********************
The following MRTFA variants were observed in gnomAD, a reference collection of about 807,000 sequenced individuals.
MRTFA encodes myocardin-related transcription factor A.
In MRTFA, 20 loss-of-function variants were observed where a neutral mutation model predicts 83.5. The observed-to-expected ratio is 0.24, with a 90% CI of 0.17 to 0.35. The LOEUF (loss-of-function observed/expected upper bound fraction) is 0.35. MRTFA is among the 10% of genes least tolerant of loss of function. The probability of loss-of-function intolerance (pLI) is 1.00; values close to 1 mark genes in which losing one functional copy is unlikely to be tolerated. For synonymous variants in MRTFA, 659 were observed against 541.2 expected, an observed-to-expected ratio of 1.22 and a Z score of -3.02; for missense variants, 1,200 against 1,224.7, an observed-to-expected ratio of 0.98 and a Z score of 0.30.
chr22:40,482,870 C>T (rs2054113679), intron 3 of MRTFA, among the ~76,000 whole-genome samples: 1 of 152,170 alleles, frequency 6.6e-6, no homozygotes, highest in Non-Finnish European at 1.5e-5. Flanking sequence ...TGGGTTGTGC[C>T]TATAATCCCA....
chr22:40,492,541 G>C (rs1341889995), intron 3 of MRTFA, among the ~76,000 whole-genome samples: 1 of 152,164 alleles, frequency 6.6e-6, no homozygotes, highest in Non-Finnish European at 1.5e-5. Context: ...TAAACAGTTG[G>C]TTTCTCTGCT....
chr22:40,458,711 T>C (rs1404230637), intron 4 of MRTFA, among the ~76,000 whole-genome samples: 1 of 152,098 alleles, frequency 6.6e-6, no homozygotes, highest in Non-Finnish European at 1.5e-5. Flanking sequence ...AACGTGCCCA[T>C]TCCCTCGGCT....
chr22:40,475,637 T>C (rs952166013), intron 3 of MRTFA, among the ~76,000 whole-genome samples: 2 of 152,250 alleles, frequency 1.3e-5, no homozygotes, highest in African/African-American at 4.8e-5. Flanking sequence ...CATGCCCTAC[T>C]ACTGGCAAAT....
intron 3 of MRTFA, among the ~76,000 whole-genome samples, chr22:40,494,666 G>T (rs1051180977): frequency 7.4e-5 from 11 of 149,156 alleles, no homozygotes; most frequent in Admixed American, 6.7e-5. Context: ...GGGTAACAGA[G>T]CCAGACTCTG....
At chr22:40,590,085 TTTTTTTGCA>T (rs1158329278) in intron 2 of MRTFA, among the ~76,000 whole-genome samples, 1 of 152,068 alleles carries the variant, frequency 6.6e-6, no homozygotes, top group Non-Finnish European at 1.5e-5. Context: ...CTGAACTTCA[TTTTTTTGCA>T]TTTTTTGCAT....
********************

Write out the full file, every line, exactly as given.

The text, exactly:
The following MRTFA variants were observed in gnomAD, a reference collection of about 807,000 sequenced individuals.
MRTFA encodes myocardin-related transcription factor A.
In MRTFA, 20 loss-of-function variants were observed where a neutral mutation model predicts 83.5. The observed-to-expected ratio is 0.24, with a 90% CI of 0.17 to 0.35. The LOEUF (loss-of-function observed/expected upper bound fraction) is 0.35. MRTFA is among the 10% of genes least tolerant of loss of function. The probability of loss-of-function intolerance (pLI) is 1.00; values close to 1 mark genes in which losing one functional copy is unlikely to be tolerated. For synonymous variants in MRTFA, 659 were observed against 541.2 expected, an observed-to-expected ratio of 1.22 and a Z score of -3.02; for missense variants, 1,200 against 1,224.7, an observed-to-expected ratio of 0.98 and a Z score of 0.30.
chr22:40,482,870 C>T (rs2054113679), intron 3 of MRTFA, among the ~76,000 whole-genome samples: 1 of 152,170 alleles, frequency 6.6e-6, no homozygotes, highest in Non-Finnish European at 1.5e-5. Flanking sequence ...TGGGTTGTGC[C>T]TATAATCCCA....
chr22:40,492,541 G>C (rs1341889995), intron 3 of MRTFA, among the ~76,000 whole-genome samples: 1 of 152,164 alleles, frequency 6.6e-6, no homozygotes, highest in Non-Finnish European at 1.5e-5. Context: ...TAAACAGTTG[G>C]TTTCTCTGCT....
chr22:40,458,711 T>C (rs1404230637), intron 4 of MRTFA, among the ~76,000 whole-genome samples: 1 of 152,098 alleles, frequency 6.6e-6, no homozygotes, highest in Non-Finnish European at 1.5e-5. Flanking sequence ...AACGTGCCCA[T>C]TCCCTCGGCT....
chr22:40,475,637 T>C (rs952166013), intron 3 of MRTFA, among the ~76,000 whole-genome samples: 2 of 152,250 alleles, frequency 1.3e-5, no homozygotes, highest in African/African-American at 4.8e-5. Flanking sequence ...CATGCCCTAC[T>C]ACTGGCAAAT....
intron 3 of MRTFA, among the ~76,000 whole-genome samples, chr22:40,494,666 G>T (rs1051180977): frequency 7.4e-5 from 11 of 149,156 alleles, no homozygotes; most frequent in Admixed American, 6.7e-5. Context: ...GGGTAACAGA[G>T]CCAGACTCTG....
At chr22:40,590,085 TTTTTTTGCA>T (rs1158329278) in intron 2 of MRTFA, among the ~76,000 whole-genome samples, 1 of 152,068 alleles carries the variant, frequency 6.6e-6, no homozygotes, top group Non-Finnish European at 1.5e-5. Context: ...CTGAACTTCA[TTTTTTTGCA>T]TTTTTTGCAT....